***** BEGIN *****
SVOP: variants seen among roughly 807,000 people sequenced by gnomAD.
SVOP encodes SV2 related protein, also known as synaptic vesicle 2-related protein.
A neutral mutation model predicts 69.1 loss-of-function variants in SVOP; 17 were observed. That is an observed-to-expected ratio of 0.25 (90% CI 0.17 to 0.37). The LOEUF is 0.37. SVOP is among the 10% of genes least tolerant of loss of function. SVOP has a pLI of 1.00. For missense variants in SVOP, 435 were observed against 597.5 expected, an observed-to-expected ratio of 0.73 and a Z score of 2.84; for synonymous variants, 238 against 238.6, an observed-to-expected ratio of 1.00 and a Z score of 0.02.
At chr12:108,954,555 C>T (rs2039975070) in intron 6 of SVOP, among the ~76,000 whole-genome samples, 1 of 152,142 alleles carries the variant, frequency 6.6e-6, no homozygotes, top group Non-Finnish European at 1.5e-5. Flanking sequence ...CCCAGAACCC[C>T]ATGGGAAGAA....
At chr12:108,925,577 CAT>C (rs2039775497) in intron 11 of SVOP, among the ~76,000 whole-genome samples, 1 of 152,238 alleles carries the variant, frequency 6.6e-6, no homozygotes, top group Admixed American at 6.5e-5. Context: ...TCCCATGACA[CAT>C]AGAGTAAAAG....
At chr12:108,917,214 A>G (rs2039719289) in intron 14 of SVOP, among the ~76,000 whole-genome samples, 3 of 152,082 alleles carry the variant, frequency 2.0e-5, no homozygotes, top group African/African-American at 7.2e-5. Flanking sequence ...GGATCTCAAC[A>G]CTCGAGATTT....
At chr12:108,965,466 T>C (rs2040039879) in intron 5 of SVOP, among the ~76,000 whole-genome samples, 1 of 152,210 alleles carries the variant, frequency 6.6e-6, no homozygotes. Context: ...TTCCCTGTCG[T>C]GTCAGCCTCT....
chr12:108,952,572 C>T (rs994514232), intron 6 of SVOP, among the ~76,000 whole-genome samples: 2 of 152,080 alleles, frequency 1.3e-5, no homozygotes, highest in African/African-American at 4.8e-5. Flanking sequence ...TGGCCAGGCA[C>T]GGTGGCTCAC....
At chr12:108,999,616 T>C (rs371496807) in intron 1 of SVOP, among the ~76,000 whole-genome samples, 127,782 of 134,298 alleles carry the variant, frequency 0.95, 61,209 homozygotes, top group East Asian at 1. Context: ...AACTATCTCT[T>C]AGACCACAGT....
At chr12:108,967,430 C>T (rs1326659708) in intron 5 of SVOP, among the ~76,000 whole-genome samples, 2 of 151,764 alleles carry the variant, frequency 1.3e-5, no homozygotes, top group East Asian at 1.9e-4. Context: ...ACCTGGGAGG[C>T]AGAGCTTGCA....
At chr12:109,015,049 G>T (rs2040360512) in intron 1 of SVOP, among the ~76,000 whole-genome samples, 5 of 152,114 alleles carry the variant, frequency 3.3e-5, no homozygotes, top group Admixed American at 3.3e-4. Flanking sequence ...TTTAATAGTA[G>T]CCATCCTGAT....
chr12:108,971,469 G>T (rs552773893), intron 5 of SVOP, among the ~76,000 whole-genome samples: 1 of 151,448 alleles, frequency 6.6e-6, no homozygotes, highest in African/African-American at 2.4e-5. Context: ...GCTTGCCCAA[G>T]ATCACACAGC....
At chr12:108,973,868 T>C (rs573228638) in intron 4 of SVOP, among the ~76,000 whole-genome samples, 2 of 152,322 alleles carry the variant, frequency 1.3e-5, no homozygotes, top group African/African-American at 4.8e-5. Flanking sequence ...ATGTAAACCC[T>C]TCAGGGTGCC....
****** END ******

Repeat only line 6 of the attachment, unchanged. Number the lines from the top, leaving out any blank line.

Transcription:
At chr12:108,917,214 A>G (rs2039719289) in intron 14 of SVOP, among the ~76,000 whole-genome samples, 3 of 152,082 alleles carry the variant, frequency 2.0e-5, no homozygotes, top group African/African-American at 7.2e-5. Flanking sequence ...GGATCTCAAC[A>G]CTCGAGATTT....